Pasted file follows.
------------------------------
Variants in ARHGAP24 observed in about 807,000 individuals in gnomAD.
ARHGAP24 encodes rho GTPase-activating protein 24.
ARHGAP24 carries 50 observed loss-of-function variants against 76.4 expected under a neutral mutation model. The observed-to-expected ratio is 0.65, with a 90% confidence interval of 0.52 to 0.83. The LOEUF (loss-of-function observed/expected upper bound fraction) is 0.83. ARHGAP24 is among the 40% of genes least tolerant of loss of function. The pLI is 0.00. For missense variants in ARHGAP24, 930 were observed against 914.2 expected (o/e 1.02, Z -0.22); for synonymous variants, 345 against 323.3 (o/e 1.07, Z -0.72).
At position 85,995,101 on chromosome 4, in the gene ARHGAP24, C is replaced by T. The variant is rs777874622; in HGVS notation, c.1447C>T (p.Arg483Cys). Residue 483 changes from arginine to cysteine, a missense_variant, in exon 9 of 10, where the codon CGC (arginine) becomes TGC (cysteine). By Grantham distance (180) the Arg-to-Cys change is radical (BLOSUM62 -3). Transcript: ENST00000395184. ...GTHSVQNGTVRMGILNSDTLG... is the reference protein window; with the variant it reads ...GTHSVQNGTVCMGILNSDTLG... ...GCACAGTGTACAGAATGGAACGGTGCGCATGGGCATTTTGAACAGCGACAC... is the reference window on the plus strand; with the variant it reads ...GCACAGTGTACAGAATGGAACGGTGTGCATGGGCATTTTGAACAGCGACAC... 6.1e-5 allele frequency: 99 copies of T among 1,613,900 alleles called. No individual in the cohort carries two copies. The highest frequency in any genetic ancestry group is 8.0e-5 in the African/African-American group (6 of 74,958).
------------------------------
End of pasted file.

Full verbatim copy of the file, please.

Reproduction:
Variants in ARHGAP24 observed in about 807,000 individuals in gnomAD.
ARHGAP24 encodes rho GTPase-activating protein 24.
ARHGAP24 carries 50 observed loss-of-function variants against 76.4 expected under a neutral mutation model. The observed-to-expected ratio is 0.65, with a 90% confidence interval of 0.52 to 0.83. The LOEUF (loss-of-function observed/expected upper bound fraction) is 0.83. ARHGAP24 is among the 40% of genes least tolerant of loss of function. The pLI is 0.00. For missense variants in ARHGAP24, 930 were observed against 914.2 expected (o/e 1.02, Z -0.22); for synonymous variants, 345 against 323.3 (o/e 1.07, Z -0.72).
At position 85,995,101 on chromosome 4, in the gene ARHGAP24, C is replaced by T. The variant is rs777874622; in HGVS notation, c.1447C>T (p.Arg483Cys). Residue 483 changes from arginine to cysteine, a missense_variant, in exon 9 of 10, where the codon CGC (arginine) becomes TGC (cysteine). By Grantham distance (180) the Arg-to-Cys change is radical (BLOSUM62 -3). Transcript: ENST00000395184. ...GTHSVQNGTVRMGILNSDTLG... is the reference protein window; with the variant it reads ...GTHSVQNGTVCMGILNSDTLG... ...GCACAGTGTACAGAATGGAACGGTGCGCATGGGCATTTTGAACAGCGACAC... is the reference window on the plus strand; with the variant it reads ...GCACAGTGTACAGAATGGAACGGTGTGCATGGGCATTTTGAACAGCGACAC... 6.1e-5 allele frequency: 99 copies of T among 1,613,900 alleles called. No individual in the cohort carries two copies. The highest frequency in any genetic ancestry group is 8.0e-5 in the African/African-American group (6 of 74,958).